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Packets and Protocols Chapter 4. Chapter Four Using Wireshark. Packets and Protocols Chapter 4. The Wireshark main window. ■ Menu bar ■ Tool bar ■ Summary window ■ Protocol Tree window ■ Data View window ■ Filter bar ■ Information field ■ Display information.

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packets and protocols chapter 4

Packets and ProtocolsChapter 4

Chapter Four

Using Wireshark

slide2

Packets and ProtocolsChapter 4

The Wireshark main window

■ Menu bar

■ Tool bar

■ Summary window

■ Protocol Tree window

■ Data View window

■ Filter bar

■ Information field

■ Display information

slide3

Packets and ProtocolsChapter 4

Main window components

slide4

Packets and ProtocolsChapter 4

Summary window components

slide5

Packets and ProtocolsChapter 4

Summary window example

What does this summary info tell us?

slide6

Packets and ProtocolsChapter 4

  • Protocol tree window
    • The fields in this window can be expanded or collapsed
      • The 1st line will generally tell you most of what you need but you can drill down for further detail
      • Click on the plus sign to expand
slide7

Packets and ProtocolsChapter 4

Protocol window example

What does this protocol info tell us?

slide8

Packets and ProtocolsChapter 4

  • Data View Window

Good place to find passwords and usernames!

slide9

Packets and ProtocolsChapter 4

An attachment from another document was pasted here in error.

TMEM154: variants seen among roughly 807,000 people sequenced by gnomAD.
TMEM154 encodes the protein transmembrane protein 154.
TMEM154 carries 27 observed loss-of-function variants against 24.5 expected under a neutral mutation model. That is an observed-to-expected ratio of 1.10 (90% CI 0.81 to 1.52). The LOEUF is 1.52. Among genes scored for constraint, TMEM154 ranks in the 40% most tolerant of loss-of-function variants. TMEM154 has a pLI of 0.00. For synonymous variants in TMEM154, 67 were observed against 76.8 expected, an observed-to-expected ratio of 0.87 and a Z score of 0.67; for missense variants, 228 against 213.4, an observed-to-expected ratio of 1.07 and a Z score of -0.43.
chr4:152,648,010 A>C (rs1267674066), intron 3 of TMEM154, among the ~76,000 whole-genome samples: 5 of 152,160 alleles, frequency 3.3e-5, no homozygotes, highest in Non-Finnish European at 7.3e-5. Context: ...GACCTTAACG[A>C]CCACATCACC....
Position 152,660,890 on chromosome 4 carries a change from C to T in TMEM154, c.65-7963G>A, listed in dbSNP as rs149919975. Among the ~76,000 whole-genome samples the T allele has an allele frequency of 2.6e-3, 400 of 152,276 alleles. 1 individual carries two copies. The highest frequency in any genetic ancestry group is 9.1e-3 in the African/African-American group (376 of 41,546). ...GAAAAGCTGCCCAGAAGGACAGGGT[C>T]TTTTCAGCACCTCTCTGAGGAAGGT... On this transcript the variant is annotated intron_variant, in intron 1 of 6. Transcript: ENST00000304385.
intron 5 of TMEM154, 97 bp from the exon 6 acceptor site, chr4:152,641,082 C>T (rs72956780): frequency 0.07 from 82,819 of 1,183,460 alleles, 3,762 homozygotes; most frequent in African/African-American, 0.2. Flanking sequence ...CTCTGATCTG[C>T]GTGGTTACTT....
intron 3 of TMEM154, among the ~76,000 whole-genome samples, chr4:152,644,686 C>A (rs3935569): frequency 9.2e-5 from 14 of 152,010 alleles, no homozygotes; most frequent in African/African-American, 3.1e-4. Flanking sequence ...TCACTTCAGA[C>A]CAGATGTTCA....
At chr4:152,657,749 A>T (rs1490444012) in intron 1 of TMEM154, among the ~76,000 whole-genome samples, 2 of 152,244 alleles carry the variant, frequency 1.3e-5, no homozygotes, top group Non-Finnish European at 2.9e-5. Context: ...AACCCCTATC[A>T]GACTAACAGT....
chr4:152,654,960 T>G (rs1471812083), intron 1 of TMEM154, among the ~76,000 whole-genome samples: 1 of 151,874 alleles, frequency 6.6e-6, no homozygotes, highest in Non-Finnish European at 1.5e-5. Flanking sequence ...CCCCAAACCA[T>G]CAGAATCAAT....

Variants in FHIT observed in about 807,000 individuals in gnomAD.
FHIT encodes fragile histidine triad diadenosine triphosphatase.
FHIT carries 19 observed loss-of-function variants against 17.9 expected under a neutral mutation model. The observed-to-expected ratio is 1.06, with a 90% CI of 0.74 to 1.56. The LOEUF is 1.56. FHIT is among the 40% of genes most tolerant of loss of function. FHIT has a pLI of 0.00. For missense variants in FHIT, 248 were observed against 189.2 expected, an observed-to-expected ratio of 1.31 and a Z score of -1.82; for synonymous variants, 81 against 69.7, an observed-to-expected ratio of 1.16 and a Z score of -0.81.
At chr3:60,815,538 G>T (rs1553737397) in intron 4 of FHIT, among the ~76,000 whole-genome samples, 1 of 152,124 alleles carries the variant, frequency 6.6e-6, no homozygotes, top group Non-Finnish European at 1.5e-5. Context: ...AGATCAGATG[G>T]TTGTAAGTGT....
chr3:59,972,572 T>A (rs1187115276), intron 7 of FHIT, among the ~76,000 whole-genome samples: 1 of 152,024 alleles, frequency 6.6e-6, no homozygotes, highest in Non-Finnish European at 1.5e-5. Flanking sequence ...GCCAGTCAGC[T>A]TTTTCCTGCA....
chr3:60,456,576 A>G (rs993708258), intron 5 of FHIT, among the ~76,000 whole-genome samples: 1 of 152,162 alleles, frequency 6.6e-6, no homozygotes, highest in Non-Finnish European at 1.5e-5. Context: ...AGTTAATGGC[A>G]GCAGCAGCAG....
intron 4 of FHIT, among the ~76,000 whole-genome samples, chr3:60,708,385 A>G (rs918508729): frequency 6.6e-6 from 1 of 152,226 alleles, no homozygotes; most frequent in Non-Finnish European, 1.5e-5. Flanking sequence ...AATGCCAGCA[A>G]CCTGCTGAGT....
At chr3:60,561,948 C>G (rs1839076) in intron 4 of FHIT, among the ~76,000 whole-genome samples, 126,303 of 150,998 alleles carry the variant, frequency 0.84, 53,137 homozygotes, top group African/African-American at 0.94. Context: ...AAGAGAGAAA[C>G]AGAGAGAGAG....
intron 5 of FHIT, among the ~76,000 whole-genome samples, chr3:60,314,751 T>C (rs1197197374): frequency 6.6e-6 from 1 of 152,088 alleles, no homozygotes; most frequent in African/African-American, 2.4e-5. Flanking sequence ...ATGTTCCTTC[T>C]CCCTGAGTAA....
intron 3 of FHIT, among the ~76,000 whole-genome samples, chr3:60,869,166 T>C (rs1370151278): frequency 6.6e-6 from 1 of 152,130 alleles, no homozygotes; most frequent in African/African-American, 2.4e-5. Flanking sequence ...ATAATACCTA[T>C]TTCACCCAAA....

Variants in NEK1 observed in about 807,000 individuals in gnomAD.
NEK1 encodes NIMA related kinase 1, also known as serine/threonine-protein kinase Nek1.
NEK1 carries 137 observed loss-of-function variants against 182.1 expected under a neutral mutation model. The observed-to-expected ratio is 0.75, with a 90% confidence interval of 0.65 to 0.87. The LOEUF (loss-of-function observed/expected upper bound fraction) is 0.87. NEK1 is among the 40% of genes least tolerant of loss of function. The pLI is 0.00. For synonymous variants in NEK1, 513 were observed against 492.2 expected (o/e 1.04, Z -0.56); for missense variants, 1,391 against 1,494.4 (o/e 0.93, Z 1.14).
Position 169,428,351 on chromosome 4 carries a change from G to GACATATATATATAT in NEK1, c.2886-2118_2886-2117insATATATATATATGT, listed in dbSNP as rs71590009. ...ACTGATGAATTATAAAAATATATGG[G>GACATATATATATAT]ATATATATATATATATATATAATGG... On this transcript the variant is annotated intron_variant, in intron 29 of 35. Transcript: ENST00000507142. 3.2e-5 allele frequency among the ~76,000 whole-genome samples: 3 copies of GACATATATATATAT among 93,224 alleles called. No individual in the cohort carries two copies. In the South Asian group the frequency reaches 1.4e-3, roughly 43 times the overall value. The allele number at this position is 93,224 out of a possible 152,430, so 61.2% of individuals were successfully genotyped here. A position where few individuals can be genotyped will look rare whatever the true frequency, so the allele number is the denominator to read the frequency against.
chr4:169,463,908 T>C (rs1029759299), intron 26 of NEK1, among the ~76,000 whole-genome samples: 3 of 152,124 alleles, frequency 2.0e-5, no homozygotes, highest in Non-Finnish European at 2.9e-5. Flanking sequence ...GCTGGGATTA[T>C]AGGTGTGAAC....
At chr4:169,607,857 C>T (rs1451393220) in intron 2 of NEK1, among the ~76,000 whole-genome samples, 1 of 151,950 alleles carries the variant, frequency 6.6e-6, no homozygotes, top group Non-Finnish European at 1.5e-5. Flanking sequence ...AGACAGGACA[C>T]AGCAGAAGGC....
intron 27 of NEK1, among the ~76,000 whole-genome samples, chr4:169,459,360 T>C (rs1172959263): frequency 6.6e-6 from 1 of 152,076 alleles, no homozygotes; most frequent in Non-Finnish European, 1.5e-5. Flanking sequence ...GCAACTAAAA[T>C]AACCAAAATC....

• Filter bar
    • Used to build display filters
      • Will not allow invalid capture filters
      • Filter is not applied until you click apply!
  • Information field (bottom of capture)
    • Displays capture filename and size
  • Display information field
    • P = Total
    • D = Displayed
    • M = Marked
slide12

Packets and ProtocolsChapter 4

  • There are several save options

Captured

Displayed

Range

slide13

Packets and ProtocolsChapter 4

  • Note that when you save a filtered capture, you strip off all other packets in the newly saved capture file
    • Make sure you do not need these packets!
slide15

Packets and ProtocolsChapter 4

  • Wireshark name resolution
    • Three modes
      • MAC name resolution
        • Uses OUI names
        • Identified by 1st 6 bytes
      • Network name resolution
        • i.e. DNS name resolution
      • Transport name resolution
        • Translates ports to names
slide16

Packets and ProtocolsChapter 4

  • Save as dialogue box

Note that many file types are available

slide17

Packets and ProtocolsChapter 4

  • Print dialog

You can print in plain text, post-script or output to a file

slide18

Packets and ProtocolsChapter 4

  • Printing options
    • The summary line
    • All packets
    • Marked packets
    • Packets from x to y
    • All or partial detail
slide21

Packets and ProtocolsChapter 4

  • Find packet
    • Allows a search by filter, hex or string value
      • Uses same filters as display filters
      • Can search by HEX characters (good for MAC addresses)
      • String search useful for usernames, etc
    • Ability to search up or down
    • Case sensitive or insensitive
slide22

Packets and ProtocolsChapter 4

  • Time reference toggle
    • Allows you to calculate intra-packet times based on packets you select